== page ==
University of Pennsylvania EES scientists Dr. Michael E. Mann and Shannon Christiansen, and Penn State ESSC alumnus Dr. Michael Kozar have released their seasonal prediction for the 2023 North Atlantic hurricane season, which officially starts on 1 June and runs through 30 November.
The prediction is for 15.9 +/- 4.0 total named tropical cyclones, which corresponds to a range between 12 and 20 storms, with a best estimate of 16 named storms. This prediction was made using the statistical model of Kozar et al. (2012, see PDF here). This statistical model builds upon the past work of Sabbatelli and Mann (2007, see PDF here) by considering a larger number of climate predictors and including corrections for the historical undercount of events (see footnotes).
The assumptions behind this forecast are (a) the persistence of current North Atlantic Main Development Region (MDR) sea surface temperature (SST) anomalies (+1.1°C in late April 2023 from NOAA’s Coral Reef Watch) throughout the 2023 hurricane season, (b) presence of positive El Niño-Southern Oscillation (ENSO) conditions in the equatorial Pacific in late Boreal summer and fall 2022 (ENSO forecasts here; we used mid-April 2023), and (c) climatological mean conditions for the North Atlantic Oscillation in Fall/Winter 2022-2023.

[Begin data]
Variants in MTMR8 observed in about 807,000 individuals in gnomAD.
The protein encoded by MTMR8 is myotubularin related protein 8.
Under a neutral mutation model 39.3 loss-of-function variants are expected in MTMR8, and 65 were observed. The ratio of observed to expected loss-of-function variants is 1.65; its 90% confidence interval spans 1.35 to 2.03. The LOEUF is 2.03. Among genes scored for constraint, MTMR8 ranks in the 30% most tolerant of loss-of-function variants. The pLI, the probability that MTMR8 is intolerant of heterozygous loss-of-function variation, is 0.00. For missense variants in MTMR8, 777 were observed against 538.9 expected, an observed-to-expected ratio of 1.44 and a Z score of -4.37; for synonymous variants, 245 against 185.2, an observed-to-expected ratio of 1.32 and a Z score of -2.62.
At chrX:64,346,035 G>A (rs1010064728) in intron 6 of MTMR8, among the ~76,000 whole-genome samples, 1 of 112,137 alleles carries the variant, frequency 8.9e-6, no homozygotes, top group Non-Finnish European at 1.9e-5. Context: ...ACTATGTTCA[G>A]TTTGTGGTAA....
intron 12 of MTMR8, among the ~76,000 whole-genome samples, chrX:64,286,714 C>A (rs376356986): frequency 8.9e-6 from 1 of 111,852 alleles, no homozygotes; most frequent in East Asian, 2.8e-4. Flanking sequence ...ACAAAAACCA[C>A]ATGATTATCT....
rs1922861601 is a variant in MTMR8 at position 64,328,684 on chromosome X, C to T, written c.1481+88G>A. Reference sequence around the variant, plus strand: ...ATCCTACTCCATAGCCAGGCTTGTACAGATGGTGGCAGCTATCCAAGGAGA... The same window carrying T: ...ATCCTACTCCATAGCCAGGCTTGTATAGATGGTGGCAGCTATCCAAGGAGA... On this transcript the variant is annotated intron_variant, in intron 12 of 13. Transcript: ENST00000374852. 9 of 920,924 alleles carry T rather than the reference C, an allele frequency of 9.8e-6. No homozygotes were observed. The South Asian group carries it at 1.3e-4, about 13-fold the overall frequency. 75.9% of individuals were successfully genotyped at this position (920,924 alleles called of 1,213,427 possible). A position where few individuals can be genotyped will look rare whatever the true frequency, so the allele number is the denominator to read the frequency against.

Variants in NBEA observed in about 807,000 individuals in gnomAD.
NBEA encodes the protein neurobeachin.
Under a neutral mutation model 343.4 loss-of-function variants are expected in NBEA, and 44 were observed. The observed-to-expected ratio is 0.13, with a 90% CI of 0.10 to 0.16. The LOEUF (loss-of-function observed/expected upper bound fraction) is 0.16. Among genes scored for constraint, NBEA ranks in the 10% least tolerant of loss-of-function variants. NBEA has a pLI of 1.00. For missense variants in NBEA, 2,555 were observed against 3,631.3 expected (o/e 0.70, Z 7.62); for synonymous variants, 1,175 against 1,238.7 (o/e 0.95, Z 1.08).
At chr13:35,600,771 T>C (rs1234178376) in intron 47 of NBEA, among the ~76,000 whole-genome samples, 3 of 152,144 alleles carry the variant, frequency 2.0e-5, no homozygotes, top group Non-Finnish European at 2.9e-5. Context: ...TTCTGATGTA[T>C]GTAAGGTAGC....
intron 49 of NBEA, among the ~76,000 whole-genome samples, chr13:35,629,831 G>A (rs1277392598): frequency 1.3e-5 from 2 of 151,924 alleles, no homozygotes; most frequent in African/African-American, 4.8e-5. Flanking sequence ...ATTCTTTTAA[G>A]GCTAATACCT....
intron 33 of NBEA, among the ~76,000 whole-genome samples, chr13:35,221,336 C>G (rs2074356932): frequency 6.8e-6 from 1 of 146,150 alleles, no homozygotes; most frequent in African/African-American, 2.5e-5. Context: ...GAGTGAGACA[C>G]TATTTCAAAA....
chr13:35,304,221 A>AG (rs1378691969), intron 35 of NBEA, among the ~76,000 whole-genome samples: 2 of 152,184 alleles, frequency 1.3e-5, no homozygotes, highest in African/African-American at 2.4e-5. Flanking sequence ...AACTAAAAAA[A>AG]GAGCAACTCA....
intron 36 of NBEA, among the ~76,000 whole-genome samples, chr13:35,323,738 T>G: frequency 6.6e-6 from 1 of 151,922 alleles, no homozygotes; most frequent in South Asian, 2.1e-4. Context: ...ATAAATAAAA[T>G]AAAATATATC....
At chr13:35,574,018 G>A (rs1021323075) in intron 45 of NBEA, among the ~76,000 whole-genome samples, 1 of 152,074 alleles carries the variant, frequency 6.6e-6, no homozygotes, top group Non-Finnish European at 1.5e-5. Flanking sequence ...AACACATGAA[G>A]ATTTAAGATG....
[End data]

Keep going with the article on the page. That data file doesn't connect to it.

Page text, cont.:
If more mild ENSO conditions take shape later in 2023, then the prediction will be slightly higher: 17.2 +/- 4.1 storms (range of 13 – 21 storms, with a best guess of 17).
Using an alternative model that uses “relative” MDR SST (MDR SST with the average tropical mean SST subtracted) in place of MDR SST yields a lower prediction (12.5 +/- 3.5 total named storms). This alternative model also includes positive ENSO conditions.
|Year||Prediction||Best Guess||Range||Actual Count|
|2022||14.9 +/- 3.8||15||11-19||14|
|2021||11.9 +/- 3.4||12||9-15||21|
|2020||19.8 +/- 4.4||20||15-24||30|
|2019||10.1 +/- 3.2||10||7-13||18|
|2018||10.2 +/- 3.2||10||7-13||15|
|2017||15.3 +/- 3.9||15||11-20||17|
|2016||18.9 +/- 4.4||19||14-24||15|
|2015||6.9 +/- 2.6||7||4-10||11|
|2014||9.3 +/- 3.0||9||6-12||8|
|2013||16.0 +/- 4.0||16||12-20||14|
|2012||11.2 +/- 3.3||11||8-15||19|
|2011||16.25 +/- 4.0||16||12-20||19|
|2010||23.4 +/- 4.8||23||19-28||19|
|2009||11.5 +/- 3.4||12||8-15 (6-13 if El Niño)||9|
Kozar, M.E., Mann, M.E., Camargo, S.J., Kossin, J.P., Evans, J.L., 2012: Stratified statistical models of North Atlantic basin-wide and regional tropical cyclone counts, J. Geophys. Res., 117, D18103, doi:10.1029/2011JD017170.
Mann, M.E., Sabbatelli, T.A., Neu, U., 2007: Evidence for a Modest Undercount Bias in Early Historical Atlantic Tropical Cyclone Counts, Geophys. Res. Lett., 34, L22707, doi:10.1029/2007GL031781.
Sabbatelli, T.A., Mann, M.E., 2007: The Influence of Climate State Variables on Atlantic Tropical Cyclone Occurrence Rates, J. Geophys. Res., 112, D17114, doi: 10.1029/2007JD008385.
Vecchi, G.A., Knutson, T.R., 2008: On Estimates of Historical North Atlantic Tropical Cyclone Activity, J.Climate, 21, 3580-3600, doi:10.1175/2008JCLI2178.
The tropical cyclone series was corrected based on an estimated historical undercount taken from Vecchi and Knutson (2008).
Prediction made: 1 May 2023
This webpage last updated: 3 May 2023